December 08, 2011
Sardine run – A Cape Town Tourism photo essay
Shoals of sardines were recently trapped along the Atlantic coast. They moved into Hout Bay and surrounding areas causing a frenzy of activity for fishermen, seals and dolphins. This has happened before, but not in recent memory and certainly not in such vast quantities. In November 2009 we saw a similar phenomenon with anchovies, but it only lasted a day.
Steve Benjamin from Animal Ocean, together with with photographers Jean Tresfon (me) and Graham Fenwick, headed out on a Sunday morning to look for shoals of fish being eaten by seals. We found this happening in a small bay under Chapman's Peak Drive, where large pockets of fish were trapped in shallow, clean water with hundreds of seals in pursuit.
The seals seemed to favour the tiny loose shoals of two to five fish and they chased them like dogs after a tennis ball. I saw numerous seals biting sardines and not consuming them, a massacre of injured and flailing fish. The theory as to why the fish were trapped is that they were caught close to shore by a sudden drop in water temperature caused by a strong southeasterly wind. The thermal shock stressed the fish and the predators took advantage.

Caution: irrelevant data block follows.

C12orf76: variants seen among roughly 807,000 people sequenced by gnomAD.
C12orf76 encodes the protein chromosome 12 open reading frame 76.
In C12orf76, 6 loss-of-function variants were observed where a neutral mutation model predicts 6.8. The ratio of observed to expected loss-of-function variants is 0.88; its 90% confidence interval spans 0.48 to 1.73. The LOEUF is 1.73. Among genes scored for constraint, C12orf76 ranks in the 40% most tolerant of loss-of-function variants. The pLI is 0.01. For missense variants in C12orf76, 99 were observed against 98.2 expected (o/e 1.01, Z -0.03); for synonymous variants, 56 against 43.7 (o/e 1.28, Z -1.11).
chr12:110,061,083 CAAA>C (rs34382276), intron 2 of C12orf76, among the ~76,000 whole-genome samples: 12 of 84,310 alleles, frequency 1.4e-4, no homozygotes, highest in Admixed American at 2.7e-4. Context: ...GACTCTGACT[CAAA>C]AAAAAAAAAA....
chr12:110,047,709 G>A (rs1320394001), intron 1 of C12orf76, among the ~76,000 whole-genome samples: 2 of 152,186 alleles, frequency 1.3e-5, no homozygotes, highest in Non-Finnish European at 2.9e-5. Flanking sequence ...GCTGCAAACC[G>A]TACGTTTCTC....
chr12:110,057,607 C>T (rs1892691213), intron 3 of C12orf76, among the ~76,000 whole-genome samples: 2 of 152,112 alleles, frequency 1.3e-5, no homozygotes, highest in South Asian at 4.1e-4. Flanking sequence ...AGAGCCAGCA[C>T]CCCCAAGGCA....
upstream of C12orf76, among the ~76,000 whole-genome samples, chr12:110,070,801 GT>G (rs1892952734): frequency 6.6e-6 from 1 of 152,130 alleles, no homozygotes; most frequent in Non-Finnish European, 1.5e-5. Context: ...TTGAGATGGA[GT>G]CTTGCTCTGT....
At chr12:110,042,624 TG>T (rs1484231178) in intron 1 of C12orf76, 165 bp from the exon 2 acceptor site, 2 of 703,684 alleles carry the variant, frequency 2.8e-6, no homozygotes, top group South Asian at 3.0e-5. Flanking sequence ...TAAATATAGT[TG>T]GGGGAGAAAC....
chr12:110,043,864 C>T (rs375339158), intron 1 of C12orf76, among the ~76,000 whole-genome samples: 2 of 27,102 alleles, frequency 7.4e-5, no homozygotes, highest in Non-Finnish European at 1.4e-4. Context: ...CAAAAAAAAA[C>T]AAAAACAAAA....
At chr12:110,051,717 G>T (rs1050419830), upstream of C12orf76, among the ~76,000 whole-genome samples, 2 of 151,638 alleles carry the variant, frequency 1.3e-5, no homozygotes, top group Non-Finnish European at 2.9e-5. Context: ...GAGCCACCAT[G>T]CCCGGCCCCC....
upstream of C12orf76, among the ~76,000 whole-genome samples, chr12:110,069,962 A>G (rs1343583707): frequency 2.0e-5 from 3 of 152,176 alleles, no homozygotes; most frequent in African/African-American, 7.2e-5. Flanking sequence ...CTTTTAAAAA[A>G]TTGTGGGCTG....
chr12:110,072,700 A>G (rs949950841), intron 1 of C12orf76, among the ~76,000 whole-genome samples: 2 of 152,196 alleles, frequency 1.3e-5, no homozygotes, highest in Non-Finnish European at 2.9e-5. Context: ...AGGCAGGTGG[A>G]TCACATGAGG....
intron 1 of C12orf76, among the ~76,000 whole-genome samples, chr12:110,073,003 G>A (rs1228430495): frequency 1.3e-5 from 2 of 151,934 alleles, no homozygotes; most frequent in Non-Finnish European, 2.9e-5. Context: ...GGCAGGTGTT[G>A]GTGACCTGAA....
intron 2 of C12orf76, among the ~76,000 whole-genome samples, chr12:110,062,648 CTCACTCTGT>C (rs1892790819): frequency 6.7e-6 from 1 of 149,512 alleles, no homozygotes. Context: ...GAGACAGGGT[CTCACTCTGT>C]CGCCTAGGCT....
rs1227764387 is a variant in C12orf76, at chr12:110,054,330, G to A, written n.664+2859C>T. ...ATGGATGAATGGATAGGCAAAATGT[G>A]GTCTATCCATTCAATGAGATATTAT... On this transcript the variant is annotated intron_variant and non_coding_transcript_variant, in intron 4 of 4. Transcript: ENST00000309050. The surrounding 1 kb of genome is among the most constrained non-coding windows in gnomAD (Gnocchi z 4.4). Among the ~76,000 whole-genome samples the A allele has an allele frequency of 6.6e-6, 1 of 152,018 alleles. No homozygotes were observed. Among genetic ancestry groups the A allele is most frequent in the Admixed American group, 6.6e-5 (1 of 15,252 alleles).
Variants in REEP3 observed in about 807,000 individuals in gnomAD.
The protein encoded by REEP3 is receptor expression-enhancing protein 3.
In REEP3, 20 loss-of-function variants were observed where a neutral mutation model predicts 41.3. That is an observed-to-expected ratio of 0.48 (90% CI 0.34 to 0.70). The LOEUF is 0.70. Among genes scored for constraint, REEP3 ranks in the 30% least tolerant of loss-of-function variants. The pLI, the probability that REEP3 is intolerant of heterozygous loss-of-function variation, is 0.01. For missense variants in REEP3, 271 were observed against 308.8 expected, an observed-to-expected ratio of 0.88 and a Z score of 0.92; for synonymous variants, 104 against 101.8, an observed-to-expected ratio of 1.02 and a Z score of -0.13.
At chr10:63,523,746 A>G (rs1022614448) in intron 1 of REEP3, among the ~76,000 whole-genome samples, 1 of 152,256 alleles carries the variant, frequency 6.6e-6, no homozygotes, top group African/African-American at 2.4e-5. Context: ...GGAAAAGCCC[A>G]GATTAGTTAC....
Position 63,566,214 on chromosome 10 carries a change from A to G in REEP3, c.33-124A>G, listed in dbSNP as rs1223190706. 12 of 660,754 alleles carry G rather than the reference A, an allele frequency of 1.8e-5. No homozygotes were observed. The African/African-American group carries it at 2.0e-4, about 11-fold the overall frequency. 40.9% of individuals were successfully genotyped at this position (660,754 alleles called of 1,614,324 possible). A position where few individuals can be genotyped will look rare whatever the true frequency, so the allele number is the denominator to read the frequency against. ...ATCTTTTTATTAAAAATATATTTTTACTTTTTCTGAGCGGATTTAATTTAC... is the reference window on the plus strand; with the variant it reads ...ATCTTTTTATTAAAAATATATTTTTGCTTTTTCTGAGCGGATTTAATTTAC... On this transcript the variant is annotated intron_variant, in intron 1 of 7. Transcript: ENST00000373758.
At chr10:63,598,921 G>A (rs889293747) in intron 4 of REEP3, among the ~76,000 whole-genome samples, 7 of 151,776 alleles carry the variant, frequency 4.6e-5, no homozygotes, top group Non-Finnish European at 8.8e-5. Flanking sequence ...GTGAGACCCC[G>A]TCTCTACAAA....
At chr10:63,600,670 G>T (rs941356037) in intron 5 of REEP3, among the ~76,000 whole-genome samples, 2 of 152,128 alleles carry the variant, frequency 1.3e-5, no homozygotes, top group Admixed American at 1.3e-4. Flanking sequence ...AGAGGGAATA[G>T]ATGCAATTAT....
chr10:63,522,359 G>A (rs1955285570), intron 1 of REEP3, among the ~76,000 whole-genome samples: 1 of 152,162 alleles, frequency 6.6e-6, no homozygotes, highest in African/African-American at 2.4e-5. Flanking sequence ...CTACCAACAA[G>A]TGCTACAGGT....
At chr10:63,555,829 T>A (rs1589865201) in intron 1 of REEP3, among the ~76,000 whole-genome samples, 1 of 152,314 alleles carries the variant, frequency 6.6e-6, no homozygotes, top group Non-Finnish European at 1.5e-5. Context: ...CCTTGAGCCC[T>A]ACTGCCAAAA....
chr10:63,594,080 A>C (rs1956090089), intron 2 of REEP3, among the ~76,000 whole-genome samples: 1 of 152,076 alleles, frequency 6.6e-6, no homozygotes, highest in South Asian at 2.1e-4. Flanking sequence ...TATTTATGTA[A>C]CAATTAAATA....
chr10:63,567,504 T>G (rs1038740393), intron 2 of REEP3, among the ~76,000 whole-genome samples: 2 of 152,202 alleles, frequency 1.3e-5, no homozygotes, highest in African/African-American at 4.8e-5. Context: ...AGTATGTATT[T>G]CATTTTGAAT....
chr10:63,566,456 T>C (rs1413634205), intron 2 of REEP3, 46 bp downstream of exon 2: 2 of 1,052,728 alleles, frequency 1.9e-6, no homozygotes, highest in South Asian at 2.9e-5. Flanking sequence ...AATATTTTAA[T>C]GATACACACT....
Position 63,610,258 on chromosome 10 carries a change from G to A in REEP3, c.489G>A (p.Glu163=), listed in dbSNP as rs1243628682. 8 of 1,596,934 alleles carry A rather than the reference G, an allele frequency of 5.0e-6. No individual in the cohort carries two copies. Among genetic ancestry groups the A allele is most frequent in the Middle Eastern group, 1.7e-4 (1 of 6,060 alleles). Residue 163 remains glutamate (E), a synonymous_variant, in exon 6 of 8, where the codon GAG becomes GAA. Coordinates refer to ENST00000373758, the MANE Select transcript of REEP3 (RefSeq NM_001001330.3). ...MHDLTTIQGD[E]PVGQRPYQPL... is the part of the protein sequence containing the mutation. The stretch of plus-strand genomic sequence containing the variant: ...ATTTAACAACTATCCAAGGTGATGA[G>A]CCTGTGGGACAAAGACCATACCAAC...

The fish were thin and weak, looking disoriented and lost. This experience was rare and I am so glad we made the extra effort to get out there. These events happen quickly and you just can't put it off till tomorrow, you must act now.
Adventure divers put in great effort and money to travel around the world to see unique marine events and one just happened on our doorstep. There are so many incredible wildlife experiences to be had right here in our regular coastal waters, if you know what to look for.
Images © jtresfon